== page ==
Lena Dunham has confirmed her hospitalisation following Monday's Met gala was due to ''complications'' from her most recent endometriosis surgery.
The Girls creator was rushed to hospital from the Met Gala in New York City earlier this week after suffering from medical complications from a surgery in April.
The 30-year-old star took to Instagram to share a snap from her hospital bed, where she thanked fans for their ''love and concern'', and spoke candidly about the healthcare system in America.
''Thank you for all the love & concern that's been pouring in since Tuesday," she wrote. Although I'm much healthier than I was a year ago, complications arose from my most recent endometriosis surgery. When the healthcare of so many American women, especially our trans sisters, is at-risk- or already nonexistent- I am lucky to be in the position to seek help when I'm in pain.
''To those in that privileged spot- never forget that we are blessed and can pay it forward by supporting Planned Parenthood and LGBTQ clinics like Callen-Lorde with our [money] and [time].
''I also want to remind all the women suffering from chronic illness that we aren't weak- quite the opposite, actually. We do our jobs with skill even when we're struggling. We care families even when we can hardly care for ourselves. We serve major face on a red carpet when we feel like lying face down would be more appropriate.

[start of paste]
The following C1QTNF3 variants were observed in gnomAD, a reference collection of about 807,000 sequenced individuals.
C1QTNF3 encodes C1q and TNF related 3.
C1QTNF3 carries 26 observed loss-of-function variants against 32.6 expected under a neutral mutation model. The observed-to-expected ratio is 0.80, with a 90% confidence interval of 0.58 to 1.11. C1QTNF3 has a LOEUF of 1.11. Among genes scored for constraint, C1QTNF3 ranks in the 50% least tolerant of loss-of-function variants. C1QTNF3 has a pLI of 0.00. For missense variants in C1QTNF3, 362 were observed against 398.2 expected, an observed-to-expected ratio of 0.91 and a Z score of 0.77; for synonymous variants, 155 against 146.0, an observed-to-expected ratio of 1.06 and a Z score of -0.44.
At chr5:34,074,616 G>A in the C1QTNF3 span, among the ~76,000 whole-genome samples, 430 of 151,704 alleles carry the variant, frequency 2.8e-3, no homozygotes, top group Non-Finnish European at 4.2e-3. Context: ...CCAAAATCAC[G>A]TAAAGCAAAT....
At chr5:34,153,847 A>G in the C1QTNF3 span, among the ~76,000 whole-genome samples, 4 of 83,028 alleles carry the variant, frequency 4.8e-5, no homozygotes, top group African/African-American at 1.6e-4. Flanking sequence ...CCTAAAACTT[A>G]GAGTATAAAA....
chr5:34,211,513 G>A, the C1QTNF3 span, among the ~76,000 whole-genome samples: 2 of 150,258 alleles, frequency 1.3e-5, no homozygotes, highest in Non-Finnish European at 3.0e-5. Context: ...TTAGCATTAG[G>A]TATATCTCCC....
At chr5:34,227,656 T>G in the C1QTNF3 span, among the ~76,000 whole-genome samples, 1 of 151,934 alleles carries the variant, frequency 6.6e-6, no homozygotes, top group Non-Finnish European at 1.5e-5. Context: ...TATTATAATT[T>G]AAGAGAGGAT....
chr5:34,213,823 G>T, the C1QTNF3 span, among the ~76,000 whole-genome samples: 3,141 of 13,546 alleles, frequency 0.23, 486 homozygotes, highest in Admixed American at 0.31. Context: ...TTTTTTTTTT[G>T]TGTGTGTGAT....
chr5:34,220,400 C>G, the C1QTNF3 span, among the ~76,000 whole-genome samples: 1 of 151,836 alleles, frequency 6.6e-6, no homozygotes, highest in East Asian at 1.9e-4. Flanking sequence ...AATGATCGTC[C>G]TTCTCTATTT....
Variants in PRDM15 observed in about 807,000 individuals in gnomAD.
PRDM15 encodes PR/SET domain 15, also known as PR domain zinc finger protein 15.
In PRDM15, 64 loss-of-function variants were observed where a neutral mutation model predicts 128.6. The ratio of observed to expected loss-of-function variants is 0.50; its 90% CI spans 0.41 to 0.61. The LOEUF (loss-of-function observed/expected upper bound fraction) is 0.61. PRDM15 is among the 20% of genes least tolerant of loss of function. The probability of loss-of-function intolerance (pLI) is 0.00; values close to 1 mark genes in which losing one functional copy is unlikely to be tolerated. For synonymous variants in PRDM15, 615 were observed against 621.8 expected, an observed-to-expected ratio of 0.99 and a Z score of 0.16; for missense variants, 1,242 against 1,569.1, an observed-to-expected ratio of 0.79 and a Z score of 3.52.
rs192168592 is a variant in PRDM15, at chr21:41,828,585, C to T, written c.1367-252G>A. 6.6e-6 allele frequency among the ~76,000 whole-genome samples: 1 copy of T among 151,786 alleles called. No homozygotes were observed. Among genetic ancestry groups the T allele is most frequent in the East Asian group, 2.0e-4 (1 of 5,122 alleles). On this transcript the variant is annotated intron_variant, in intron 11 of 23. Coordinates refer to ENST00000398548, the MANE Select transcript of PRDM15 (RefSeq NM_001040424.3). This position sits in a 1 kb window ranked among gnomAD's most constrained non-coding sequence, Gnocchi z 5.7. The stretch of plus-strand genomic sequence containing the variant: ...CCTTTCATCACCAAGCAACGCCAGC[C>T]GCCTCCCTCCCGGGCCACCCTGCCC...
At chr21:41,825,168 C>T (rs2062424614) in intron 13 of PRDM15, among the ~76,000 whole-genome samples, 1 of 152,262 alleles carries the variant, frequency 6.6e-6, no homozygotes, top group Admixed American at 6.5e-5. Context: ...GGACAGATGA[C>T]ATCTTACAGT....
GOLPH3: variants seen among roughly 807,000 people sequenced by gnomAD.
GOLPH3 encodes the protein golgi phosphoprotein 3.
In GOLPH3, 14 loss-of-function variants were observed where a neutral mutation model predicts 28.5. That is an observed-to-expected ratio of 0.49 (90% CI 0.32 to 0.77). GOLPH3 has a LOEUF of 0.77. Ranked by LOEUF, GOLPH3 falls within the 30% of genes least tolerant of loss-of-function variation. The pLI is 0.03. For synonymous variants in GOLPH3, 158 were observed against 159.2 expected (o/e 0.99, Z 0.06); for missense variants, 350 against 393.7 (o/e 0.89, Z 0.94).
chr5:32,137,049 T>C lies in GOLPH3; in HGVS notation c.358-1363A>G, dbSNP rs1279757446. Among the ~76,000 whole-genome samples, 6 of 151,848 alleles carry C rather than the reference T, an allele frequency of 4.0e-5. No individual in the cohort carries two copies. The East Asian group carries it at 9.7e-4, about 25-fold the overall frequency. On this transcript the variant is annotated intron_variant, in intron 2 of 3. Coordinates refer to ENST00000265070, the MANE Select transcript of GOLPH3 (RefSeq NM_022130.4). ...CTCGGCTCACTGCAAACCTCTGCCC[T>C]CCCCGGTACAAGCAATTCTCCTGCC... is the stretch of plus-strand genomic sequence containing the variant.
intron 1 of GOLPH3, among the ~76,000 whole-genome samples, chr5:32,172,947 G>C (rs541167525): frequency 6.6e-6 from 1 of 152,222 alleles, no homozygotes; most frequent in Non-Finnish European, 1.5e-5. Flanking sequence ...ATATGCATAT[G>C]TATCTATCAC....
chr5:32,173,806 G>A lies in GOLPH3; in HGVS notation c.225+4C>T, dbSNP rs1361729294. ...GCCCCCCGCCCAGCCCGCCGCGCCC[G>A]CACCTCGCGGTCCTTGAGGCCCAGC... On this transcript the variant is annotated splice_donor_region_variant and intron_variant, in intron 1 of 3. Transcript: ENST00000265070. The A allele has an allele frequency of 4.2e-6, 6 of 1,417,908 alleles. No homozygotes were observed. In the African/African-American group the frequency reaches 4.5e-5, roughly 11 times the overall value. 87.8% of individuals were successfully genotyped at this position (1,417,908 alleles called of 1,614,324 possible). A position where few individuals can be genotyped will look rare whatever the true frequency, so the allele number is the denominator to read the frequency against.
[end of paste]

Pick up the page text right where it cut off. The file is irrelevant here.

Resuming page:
''I'll always be proud of those Met Gala pics- not just because I felt beautiful, surrounded by art and magic, hugging my best friend tightly, but because they're evidence that women contain steely multitudes.
WJust that morning @dianafalzone sued Fox after they took her off air for disclosing her endometriosis. But they're the ones who lost when they fired her, because everyone who's anyone knows that if you can battle chronic illness there's nothing you can't take on. (sic)''
Dunham underwent surgery for her condition last month, after which she claimed she was now free from the disease.
''My surgery went off without a hitch. When I emerged, cotton-mouthed, [Dr. Randy Harris] told me something I hadn't expected to hear, maybe ever: there was no endometriosis left. Between my surgeries and hormonal intervention, I was disease-free," she said at the time.
''That doesn't mean it can never return. But for now, once my sutures have been removed and my bruises have changed from blue to yellow to green to gone, I will be healthy.''